Ottolenghi Update…

When we found ourselves suddenly hosting last night after the evening’s original hosts took ill, we decided that our main priority was to not have a gazillion dishes to wash at two in the morning. The best way to avoid this? Enlist the help of others before they leave for the night. And roast things: two dishes, two pans. I turned once more to Ottolenghi.

The first dish was the one that I mentioned in my previous post, the chicken roasted with clementines and Arak. I wish I had taken pictures, as this is a really beautiful dish. And though the chicken is cooked with the skin on, the juice that gathers in the bottom of the pan is somehow much less fatty than expected. Is there something scientific going on here, something to do with the amount of alcohol in the dish?

I went to the market in the afternoon to pick up some ingredients, but could not find a small bottle of anything anise-y at the liquor store. Then I remembered this undrinkable 69 proof absinthe that friends gave me a few years ago for my birthday–undrinkable because I was afraid of having it come in contact with my internal organs after seeing what it did to the finish on our hardwood floor. And though I could not find anyone on the internet to approve my substitution, I gave it a try and was pleased with the results, though I must warn you: let some of the alcohol burn off before you stick your head into the oven to see how things are looking. It was hard on the eyes.

Again, because you can find the recipe here, I will just summarize the steps: a few hours (or up to a day) before, make up a marinade with 3 tablespoons of clementine juice and 3 of lemon, 4 tablespoons of olive oil, 6.5 tablespoons of absinthe, 2 tablespoons of grainy mustard, 2 teaspoons of smashed fennel seeds, and salt and pepper. Pour it over some cut-up chicken parts (bone-in, skin-on), some thickly sliced clementines and some large chunks of fennel. When it comes time to cook, preheat the oven to 425–the recipe says to cook it at 475 but I wanted to put the eggplant (see below) in at the same time. Roast for about an hour or until the fruit is gorgeously charred and the chicken cooked.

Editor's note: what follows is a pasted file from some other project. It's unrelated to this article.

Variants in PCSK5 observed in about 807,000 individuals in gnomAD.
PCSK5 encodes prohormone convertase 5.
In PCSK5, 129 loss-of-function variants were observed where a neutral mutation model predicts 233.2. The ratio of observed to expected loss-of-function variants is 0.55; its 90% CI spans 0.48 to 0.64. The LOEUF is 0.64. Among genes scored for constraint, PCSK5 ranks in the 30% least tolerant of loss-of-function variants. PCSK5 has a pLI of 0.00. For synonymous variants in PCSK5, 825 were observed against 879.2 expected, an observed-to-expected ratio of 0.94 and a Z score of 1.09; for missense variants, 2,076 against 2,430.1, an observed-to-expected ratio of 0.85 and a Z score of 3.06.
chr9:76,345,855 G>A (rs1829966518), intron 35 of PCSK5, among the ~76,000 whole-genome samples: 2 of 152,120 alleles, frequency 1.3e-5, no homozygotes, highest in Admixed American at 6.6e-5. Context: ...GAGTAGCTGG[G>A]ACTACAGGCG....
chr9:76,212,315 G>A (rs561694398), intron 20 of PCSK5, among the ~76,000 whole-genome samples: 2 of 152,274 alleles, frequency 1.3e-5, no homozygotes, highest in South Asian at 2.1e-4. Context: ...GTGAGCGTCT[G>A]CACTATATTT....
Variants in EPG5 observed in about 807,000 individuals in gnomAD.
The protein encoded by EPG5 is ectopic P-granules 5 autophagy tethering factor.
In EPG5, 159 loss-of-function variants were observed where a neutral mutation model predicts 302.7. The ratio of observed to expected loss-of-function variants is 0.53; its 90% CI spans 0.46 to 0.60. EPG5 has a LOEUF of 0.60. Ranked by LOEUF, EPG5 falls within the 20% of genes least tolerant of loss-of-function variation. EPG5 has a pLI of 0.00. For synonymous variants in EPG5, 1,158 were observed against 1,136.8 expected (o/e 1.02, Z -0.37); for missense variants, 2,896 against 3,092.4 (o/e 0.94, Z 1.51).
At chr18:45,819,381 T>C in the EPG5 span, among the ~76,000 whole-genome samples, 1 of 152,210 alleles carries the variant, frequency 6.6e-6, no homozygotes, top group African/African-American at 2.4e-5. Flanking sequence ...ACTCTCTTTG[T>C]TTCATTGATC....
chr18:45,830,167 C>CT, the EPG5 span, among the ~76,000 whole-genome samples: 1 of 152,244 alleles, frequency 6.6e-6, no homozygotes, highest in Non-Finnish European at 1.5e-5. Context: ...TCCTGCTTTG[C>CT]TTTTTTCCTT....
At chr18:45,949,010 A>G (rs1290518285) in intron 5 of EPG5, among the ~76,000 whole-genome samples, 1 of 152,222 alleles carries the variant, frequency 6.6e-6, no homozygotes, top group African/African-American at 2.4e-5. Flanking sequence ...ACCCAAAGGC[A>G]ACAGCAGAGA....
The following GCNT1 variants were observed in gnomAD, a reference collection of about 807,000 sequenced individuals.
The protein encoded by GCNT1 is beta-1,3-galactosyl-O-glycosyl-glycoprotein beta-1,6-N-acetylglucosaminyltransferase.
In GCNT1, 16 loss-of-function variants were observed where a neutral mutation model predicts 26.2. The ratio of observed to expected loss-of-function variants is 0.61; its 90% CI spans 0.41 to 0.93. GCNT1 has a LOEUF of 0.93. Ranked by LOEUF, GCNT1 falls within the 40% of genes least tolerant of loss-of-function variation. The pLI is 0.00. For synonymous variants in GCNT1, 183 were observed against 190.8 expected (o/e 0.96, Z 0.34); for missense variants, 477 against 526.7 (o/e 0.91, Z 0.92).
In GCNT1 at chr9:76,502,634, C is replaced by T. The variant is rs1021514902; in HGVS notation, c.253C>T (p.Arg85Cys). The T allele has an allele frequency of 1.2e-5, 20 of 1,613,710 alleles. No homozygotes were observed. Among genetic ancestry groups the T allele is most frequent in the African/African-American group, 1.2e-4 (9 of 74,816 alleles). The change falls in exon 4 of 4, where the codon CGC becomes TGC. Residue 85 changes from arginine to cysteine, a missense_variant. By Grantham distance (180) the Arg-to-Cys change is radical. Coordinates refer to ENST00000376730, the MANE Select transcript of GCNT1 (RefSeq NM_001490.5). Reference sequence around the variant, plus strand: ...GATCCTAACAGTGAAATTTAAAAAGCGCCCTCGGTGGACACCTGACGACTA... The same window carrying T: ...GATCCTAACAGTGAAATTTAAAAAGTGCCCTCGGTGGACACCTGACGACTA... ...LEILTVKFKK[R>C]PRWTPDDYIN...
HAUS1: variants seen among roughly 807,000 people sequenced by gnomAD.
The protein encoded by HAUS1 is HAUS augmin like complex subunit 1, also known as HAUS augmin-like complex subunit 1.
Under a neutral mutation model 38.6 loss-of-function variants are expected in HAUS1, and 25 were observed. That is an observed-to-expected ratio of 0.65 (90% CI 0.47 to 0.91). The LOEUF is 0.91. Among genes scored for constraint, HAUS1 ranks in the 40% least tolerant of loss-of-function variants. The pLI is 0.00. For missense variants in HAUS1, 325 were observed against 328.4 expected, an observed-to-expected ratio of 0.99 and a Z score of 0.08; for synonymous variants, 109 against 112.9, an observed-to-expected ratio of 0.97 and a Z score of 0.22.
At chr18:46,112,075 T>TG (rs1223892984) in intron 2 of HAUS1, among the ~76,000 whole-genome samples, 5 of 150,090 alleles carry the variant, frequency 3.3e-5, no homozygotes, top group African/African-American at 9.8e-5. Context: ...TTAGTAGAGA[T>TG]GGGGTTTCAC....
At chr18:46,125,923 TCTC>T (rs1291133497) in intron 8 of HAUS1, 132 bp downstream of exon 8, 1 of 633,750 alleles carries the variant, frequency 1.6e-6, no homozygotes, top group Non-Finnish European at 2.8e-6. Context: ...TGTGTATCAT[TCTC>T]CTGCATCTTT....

The recipe says to remove the chicken and vegetables from the pan and reduce the liquid, but I could not be bothered. There was plenty left in the pan, along with a few pieces of fennel, and I am planning to turn them into some kind of New Year’s day soup.

The second dish was lamb-stuffed eggplants, but I wanted to modify it for the vegetarian in our group. This is an equally straightforward dish, and one that goes surprisingly well with the chicken, even though the flavours do not seem so complimentary.

For this, you simply cut a few medium eggplants in half lengthwise, lay them skin side down in a baking dish, brush them liberally with olive oil, and season them with salt and pepper. They roast in the oven at 425 for about 20 minutes while you make the stuffing.

Add 2 tablespoons of olive oil to a frying pan. While it heats, make a spice mixture of 1.5 teaspoons of ground cumin, 1.5 tablespoons of sweet paprika, and 1 tablespoon of ground cinnamon. Add half to the oil along with about 2 cups of chopped onion and saute for about 8 minutes, adding water if the mixture starts to stick too much. When the onion is browned, add about 1/4 cup of pine nuts  and about a 1/2 cup of smashed walnuts.

The recipe calls for you to make a kind of sauce that you put in the bottom of the roasting dish, but I forgot this step and simply added the remaining ingredients to the saute pan: a few teaspoons of sugar, the juice of one lemon, a chunk of tamarind paste softened in 1/4 cup of water, and salt and pepper. I also added 1/4 cup of currants to add more sweetness, and then realizing I still had the second half of the spice mixture, dumped it in too.

When you are ready to go, simply spoon this mixture over the eggplant and wrap the dish tightly with foil. The recipe says to cook it at 375 degrees, but I put it into the oven at 425 degrees with the chicken and it was totally fine. The end result is slightly caramelized and sticky and was a perfect compliment to the chicken.

Happy new year!

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